Exterior of Breonna Taylor's apartment

A photo taken by Louisville Metro Police investigators after the early-morning March 13 raid on Breonna Taylor's apartment. 

LOUISVILLE, Ky. (WDRB) -- Two long rifle casings were found inside and outside of Breonna Taylor's apartment after the fatal March 13 police raid, Kentucky Attorney General Daniel Cameron's office told a court Wednesday. 

The information was filed in the criminal case of former Louisville police Detective Brett Hankison, whom a Jefferson County grand jury indicted on wanton endangerment charges in September for firing into an apartment nearby Taylor's. Cameron's office is prosecuting the case. 

The evidence is considered “exculpatory," meaning it could be favorable to Hankison in his pending wanton endangerment case in Jefferson Circuit Court. The FBI has the casings, according to the court document. 

Cincinnati attorney Stew Mathews, who represents Hankison, said he knows the casings are being tested by the FBI in Quantico, Virginia, but he doesn't know where they came from.

"I know there was no long rifle rounds discharged by Louisville Metro Police," he said in an interview. 

Asked how the information might benefit Hankison's defense, Mathews said he was unsure at this point, and "I don't know that there is any importance" to the casings. 

In the hours after officers shot and killed Taylor, then-Chief Steve Conrad testified he was told by two of his commanders that Taylor had fired at officers as they raided her home and she was on the floor in a “prone position holding a rifle.”

However, no rifle was found and Conrad testified he was later told a man fired a gun at police, which “was 100% you know contradictory of what I had heard.”

Hankison told police investigators March 23 that as officers burst into Taylor’s apartment, he saw someone inside holding a gun he was “certain” was an AR-15 semi-automatic rifle.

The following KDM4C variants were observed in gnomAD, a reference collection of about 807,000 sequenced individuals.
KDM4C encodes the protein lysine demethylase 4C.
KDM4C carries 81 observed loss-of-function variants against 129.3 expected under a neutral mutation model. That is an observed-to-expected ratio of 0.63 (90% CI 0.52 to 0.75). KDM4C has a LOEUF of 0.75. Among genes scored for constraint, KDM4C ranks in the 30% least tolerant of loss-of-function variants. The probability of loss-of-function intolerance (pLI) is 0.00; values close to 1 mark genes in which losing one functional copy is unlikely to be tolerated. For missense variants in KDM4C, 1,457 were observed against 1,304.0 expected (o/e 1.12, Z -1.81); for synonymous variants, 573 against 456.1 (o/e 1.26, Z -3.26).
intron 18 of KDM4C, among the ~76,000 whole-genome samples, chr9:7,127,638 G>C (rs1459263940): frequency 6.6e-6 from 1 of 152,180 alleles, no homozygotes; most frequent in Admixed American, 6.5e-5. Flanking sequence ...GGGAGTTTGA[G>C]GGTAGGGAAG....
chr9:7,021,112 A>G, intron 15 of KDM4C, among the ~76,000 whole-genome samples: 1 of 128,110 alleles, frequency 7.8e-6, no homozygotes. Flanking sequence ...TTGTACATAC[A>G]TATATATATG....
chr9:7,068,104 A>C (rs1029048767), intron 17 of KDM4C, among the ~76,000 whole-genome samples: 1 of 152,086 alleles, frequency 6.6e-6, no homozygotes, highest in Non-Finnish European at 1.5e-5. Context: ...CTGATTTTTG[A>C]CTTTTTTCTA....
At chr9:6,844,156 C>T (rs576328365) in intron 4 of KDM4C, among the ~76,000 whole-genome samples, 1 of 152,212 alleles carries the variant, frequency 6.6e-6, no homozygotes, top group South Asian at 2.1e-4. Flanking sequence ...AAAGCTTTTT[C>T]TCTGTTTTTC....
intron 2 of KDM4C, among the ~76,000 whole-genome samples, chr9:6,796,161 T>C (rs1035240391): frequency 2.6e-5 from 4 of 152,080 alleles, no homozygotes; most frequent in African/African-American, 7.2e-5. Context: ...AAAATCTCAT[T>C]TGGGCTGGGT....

But Cameron found that Taylor's boyfriend, Kenneth Walker, fired a single shot from a 9 mm pistol. It was the only shot he fired, according to Walker’s own statement and Cameron’s conclusions.

Numerous court documents, interviews and other records confirmed that there was no rifle found at the scene. No records indicate Taylor fired a weapon.  

Attorney Sam Aguiar, who represents Taylor’s family, said the “presence of these casings on the scene, combined with LMPD’s failure to confiscate the assault rifles" of any officers involved “is yet another slap upon the integrity of the investigation.”

An LMPD spokeswoman declined to comment, citing the ongoing criminal case, and Cameron's office also declined comment, citing the ongoing prosecution.

Police shot and killed Taylor during an undercover raid on her apartment on Springfield Drive near Pleasure Ridge Park as part of a series of raids elsewhere that targeted narcotics trafficking. She was hit six times.

Nothing illegal was found in her apartment. Neither she nor Walker was the target of the early-morning raid. She was listed on a warrant because police believed a main target of the investigation, Jamarcus Glover, may have been keeping drugs or money at her home. 

The other exculpatory evidence filed by prosecutors this week notes that one of the people who lived in a neighboring apartment shot into by Hankison has a felony record.

The other two officers who fired their weapons — Sgt. Jonathan Mattingly and Detective Myles Cosgrove — were not indicted. Taylor was killed by one of Cosgrove's bullets, according to FBI ballistics findings released by Cameron.  

In the recent filing, prosecutors for Cameron’s office said one casing was found by Taylor’s sister, Ju’Niyah Palmer, behind a storage chest in her bedroom in the apartment and “eventually” turned over to the FBI by Aguiar.

Aguiar said he turned the casing over as soon as he found out about it. 

The other casing was found in the parking lot outside the apartment on the morning of the shooting by a man visiting the complex, according to the filing.

That man is the same person whom Cameron's staff told the grand jury corroborated officers' accounts that they knocked and announced their presence before using a battering ram to enter Taylor's apartment. 

The man previously told police he did not hear officers announce or knock but later changed his account, police records show. 

Walker was dating Taylor and with her after midnight when police raided her apartment shortly before 1 a.m. Walker, a licensed gun owner, told police he fired one shot from a .9mm when he believed intruders had burst into the home.

Cameron has said Walker fired the shot that hit Mattingly and there is no evidence to support he was hit by another officer.

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Jason Riley is a criminal justice reporter for WDRB.com. He joined WDRB News in 2013 after 14 years with The Courier-Journal. He graduated from Western Kentucky University. Jason can be reached at 502-585-0823 and jriley@wdrb.com.